Giving: A Practice in Joyfulness

During December, the COMPASS blog is sharing reflections related to giving, since this is an especially gift giving time of year. Today, regular contributor Nicole Brennan shares her story about a year of service in the Jesuit Volunteer Corps, and lessons she has learned from that experience about giving, in writing “Giving: A Practice in Joyfulness.”

A trend that is gaining steam in America is the practice of a “gap year.” A “gap year” is some length of time (usually a year) during which students take a break from their studies to live in the real world and do something fruitful. Many students do this after high school in between college, or like me, some do it following college.

Here I am in the homeless day shelter with one of the most memorable guests, John. I had the pleasure of witnessing his transformation throughout my year.

Here I am in the homeless day shelter with one of the most memorable guests, John. I had the pleasure of witnessing his transformation throughout my year.

To some, it isn’t a new concept. The Peace Corps was established in the United States in 1961 by President John F. Kennedy; AmeriCorps (the domestic counterpart) was established in 1993 by President Bill Clinton; and the volunteer program I entered, the Jesuit Volunteer Corps, started informally in 1956. However, to me, it was a radical notion. I moved across the country without knowing a soul, promised a year of service, and was going to work with 700+ homeless people, mostly men, every day at a complex called Loaves & Fishes. I couldn’t have been more scared and excited!

My service year forever molded my life. I had many great experiences, including learning how to drive, living off $100 a month, and discovering the values of simplicity, community, and intentionality. I gave the gift of my time to the people who needed it. And believe me, I received far more benefits than anyone I helped.

A distinct lesson I learned during my service year was about giving and the true essence of a gift. Winter time in California is not as bitterly cold as it is in Chicago where I live now, but it is still cold when you are living on the streets. It seemed on every blustery day we were passing out gloves, hats, scarves, blankets, and if we were really lucky, hand warmers. But when you don’t have a permanent place to keep your stuff, you only carry what you can and it is easy to lose a glove.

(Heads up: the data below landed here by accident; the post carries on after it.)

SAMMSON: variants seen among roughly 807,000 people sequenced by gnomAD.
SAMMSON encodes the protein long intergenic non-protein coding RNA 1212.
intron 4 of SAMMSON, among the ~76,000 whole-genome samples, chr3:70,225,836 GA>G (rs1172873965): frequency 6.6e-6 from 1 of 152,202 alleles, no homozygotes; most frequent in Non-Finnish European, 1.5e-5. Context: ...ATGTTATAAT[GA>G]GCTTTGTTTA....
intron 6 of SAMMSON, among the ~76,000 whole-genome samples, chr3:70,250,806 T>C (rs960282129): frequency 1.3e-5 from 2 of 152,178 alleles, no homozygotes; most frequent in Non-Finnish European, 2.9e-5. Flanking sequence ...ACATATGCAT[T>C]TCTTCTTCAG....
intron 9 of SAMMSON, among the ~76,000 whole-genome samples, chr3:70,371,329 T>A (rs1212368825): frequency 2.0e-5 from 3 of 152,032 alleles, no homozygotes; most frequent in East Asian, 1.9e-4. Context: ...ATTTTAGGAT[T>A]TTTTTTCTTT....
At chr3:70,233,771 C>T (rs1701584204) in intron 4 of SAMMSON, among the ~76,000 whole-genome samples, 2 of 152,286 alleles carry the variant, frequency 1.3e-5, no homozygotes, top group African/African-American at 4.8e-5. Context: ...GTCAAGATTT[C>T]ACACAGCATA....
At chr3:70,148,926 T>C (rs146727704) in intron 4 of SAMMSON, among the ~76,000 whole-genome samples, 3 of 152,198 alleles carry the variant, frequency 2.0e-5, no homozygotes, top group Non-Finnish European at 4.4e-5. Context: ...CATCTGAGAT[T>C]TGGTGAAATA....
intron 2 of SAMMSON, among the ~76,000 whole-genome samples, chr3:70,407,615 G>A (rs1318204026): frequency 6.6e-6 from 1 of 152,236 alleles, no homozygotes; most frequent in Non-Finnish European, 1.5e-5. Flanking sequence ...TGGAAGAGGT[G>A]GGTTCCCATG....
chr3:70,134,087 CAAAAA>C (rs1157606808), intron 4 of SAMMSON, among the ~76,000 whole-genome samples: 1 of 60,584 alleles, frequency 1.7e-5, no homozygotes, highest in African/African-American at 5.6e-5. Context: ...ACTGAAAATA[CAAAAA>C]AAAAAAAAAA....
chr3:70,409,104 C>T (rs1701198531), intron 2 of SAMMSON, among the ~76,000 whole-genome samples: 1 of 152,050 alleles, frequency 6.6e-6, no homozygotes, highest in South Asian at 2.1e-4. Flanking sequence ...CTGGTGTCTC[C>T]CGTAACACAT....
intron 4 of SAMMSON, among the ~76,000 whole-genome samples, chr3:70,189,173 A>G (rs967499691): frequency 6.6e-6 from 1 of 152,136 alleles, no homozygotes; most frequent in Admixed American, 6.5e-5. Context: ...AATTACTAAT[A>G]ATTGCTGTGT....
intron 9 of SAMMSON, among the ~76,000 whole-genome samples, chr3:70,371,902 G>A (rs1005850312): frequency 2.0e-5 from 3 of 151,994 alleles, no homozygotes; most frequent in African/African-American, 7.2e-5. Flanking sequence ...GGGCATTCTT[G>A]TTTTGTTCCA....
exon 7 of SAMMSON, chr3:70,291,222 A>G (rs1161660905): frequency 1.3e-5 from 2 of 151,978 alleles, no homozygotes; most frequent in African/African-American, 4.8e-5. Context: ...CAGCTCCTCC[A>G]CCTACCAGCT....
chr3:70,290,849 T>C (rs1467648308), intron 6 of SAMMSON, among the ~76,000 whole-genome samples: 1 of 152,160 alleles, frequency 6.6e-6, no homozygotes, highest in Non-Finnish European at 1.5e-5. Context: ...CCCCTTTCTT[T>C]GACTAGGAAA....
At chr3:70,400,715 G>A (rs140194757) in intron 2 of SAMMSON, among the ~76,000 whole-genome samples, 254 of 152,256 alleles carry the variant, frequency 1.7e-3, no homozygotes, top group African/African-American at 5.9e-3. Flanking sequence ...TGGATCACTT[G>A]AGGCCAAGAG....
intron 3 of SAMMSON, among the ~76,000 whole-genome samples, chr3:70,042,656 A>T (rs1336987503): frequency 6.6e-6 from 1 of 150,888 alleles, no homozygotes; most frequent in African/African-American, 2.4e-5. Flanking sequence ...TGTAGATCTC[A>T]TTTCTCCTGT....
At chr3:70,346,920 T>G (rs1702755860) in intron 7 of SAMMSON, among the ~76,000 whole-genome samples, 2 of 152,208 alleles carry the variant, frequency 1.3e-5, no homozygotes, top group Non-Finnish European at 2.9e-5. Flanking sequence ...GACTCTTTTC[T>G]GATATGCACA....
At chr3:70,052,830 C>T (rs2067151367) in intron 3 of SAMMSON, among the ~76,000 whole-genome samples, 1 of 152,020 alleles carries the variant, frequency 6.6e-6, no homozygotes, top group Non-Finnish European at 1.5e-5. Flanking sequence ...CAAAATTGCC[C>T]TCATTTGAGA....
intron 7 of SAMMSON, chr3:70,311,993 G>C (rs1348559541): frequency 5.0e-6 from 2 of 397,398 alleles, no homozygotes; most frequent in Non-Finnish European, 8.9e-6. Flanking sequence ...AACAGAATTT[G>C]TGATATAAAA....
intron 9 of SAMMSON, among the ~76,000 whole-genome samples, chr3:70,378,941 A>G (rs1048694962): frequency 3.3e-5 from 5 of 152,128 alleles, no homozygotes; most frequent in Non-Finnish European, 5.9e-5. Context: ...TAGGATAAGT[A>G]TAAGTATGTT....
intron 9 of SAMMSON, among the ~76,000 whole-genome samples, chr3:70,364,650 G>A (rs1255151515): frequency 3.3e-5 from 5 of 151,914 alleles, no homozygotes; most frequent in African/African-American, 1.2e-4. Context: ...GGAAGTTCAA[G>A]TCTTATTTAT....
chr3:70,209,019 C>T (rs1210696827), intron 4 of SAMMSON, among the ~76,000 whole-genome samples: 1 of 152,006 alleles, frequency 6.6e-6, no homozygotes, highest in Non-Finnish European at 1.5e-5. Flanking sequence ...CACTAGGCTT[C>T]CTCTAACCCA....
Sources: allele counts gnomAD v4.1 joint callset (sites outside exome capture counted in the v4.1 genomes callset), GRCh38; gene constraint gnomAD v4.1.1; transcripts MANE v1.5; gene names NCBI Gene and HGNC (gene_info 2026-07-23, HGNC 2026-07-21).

We began passing out cold weather gear as late in the season as we could – only when the thermometer dipped below 40°F/4.44°C. Though people are very generous, the need is too great. We would run out of items very quickly, even though we had a strict policy of how many items people could have. It is heartbreaking to turn away a guy who just needs a pair of gloves. “I’m sorry Jason, but there just isn’t enough.” And it is even more heartbreaking to repeat that phrase to the twenty guys in line behind him. And more heartbreaking still, to repeat that phrase several times a day for weeks on end. (My heart hurt a lot that year, but it was also the most wonderful year of my life. I kept a blog of my experiences if you want to read more.)

Sometimes “you gotta do, what you gotta do.” Dirty dishes for 700+ was a one of those things.

Sometimes “you gotta do, what you gotta do.” Dirty dishes for 700+ was a one of those things.

I was lamenting about this heartbreak to my spiritual director, Sr. Claire. She wisely told me a story about Andora. Sr. Claire would run into this homeless woman often at the clinic she ran, and after a few years, an almost-friendship grew between them. Sr. Claire would always bring her hot meals, practical items, and a few dollars when she could. One day, Andora remarked about these gifts. She needed them, but moreover, Sr. Claire needed to give them. “Gifts are not so much about the person receiving them, but about the person who gives them.” Even though Andora needed these items, and the homeless gentlemen needed gloves, the true gift was the increased generosity in our own hearts.

I have to believe in the best in people – they gave what they could. And even though it was heartbreaking to not give out more, it was a joyful moment when the shelter had items to give away. Giving is a joyful event, and when you give, joyfulness and generosity pervade your life. Giving begets giving. When you know the joy that comes from giving, you want to duplicate that as much as possible!

profileAbout the Author, Nicole Brennan: Hello there! I’m passionate about living a stewardly lifestyle, while being adventurous and frugal. I currently live in community with six other 20-somethings in downtown Chicago and work as a Marketing Assistant at Barnabas Foundation, a partner of ESC and COMPASS. In my off hours, you can find me volunteering at a nearby homeless shelter, enjoying live music with friends, or watching reruns of Parks and Rec. Email me at nicoletbrennan@gmail.com or tweet me at @BarnabasFdn.

This blog is a component of the Ecumenical Stewardship Center’s COMPASS initiative to engage young adults in conversations about faith and finances. Like what you see and want to know/do more? Visit the COMPASS web page and join the COMPASS community on Facebook.

1 thought on “Giving: A Practice in Joyfulness

  1. Pingback: This Week’s Links « Timothy Siburg

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